You neither know the amount of the land tax, nor have you formed an estimate of the amount of the feudal charges? No, I am not in a position to form any estimate upon the subject; I did formerly make estimates upon the subject, but what they were I cannot at this moment say.
Do you give that opinion from an examination of estimates formed upon the subject, or is it merely a general opinion? I give the opinion upon general grounds, and upon details which I do not now recollect; but I have formerly read many discussions on the subject of the land tax.
Feudal charges were applicable to all lands held from the Crown by military service? Yes.
Many lands in the country were not so held? Not very many.
There were some, were there not? In this country there were very few; there were more in other countries.
Do you mean to assert that there were no lands held in England except on terms of military service? No, I do not mean to say that; but the general rule in this country was a feudal tenure; there was scarcely any allodial tenure remaining in this country in the middle ages, though in still earlier times tenure was allodial here as elsewhere.
If the imposition of the land tax was, as you state, in substitution of feudal tenures, how happens it that it was not imposed equally over the whole kingdom? It is very difficult to say, without a minute investigation of the history of taxation, what is the explanation of the caprices of taxation that have existed in this as in all other countries. There have been many more such irregularities in all countries than are justifiable on any good grounds.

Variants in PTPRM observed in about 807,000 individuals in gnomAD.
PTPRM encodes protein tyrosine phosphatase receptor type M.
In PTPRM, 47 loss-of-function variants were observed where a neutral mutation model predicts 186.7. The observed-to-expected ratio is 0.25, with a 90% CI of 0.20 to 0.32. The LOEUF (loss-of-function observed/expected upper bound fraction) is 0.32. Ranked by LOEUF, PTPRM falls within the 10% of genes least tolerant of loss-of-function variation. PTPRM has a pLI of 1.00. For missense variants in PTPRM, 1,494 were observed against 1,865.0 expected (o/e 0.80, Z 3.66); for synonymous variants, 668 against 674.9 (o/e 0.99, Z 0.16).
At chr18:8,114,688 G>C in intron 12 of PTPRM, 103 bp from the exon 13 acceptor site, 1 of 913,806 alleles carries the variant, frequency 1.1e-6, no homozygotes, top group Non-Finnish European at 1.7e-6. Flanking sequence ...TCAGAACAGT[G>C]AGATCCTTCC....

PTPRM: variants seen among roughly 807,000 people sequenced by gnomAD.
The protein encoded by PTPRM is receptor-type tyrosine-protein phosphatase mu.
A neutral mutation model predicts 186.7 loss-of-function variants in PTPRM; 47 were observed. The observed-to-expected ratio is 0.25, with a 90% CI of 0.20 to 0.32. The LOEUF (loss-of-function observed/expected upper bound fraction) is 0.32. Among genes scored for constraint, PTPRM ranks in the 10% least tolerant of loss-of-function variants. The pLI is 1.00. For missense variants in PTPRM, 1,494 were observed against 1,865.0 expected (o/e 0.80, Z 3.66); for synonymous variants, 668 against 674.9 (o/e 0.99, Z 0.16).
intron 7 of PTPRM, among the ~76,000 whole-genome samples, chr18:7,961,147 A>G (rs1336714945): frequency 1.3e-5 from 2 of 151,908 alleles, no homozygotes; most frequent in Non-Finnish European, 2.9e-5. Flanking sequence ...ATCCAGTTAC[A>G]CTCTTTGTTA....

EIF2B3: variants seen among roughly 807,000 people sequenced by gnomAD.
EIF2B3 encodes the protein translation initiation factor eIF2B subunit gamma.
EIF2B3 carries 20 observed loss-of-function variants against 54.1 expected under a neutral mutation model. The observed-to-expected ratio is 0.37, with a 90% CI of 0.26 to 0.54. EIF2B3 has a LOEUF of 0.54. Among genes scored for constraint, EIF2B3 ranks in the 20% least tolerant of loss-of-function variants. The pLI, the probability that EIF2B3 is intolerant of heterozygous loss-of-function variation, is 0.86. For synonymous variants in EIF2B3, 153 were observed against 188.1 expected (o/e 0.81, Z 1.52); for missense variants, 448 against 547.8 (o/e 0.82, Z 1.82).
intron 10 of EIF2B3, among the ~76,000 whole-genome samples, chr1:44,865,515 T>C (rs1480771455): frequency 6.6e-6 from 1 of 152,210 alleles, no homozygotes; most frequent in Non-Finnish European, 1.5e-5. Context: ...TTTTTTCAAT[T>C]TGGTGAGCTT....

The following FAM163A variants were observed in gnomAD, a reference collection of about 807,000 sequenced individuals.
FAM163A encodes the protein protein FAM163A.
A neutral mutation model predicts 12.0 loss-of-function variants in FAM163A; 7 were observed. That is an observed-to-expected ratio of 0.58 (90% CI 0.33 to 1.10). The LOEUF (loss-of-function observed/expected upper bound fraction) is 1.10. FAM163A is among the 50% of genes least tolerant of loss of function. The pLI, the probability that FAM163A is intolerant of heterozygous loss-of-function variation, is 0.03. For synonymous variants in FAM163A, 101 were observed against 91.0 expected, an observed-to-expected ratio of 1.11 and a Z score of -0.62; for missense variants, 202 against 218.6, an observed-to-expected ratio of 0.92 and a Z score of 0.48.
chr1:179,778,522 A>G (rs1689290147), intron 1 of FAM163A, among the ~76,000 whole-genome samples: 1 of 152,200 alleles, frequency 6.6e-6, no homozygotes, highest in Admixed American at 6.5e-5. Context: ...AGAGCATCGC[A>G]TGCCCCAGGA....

Have you ever seen any estimate of what the cost of those feudal chargeswas in the time of Charles the First? I imagine in the time of Charles the First they were already very much diminished, but I cannot offer any particular estimate; any estimates that may have been made must in a great measure have been conjectural.
The whole of this matter is very conjectural, is it not? Yes.
Were there, as well as burdens, any privileges which the lands enjoyed formerly under the feudal system which they have since lost? I am not aware of any which they have since lost; the possession of land has always been a source of importance and power.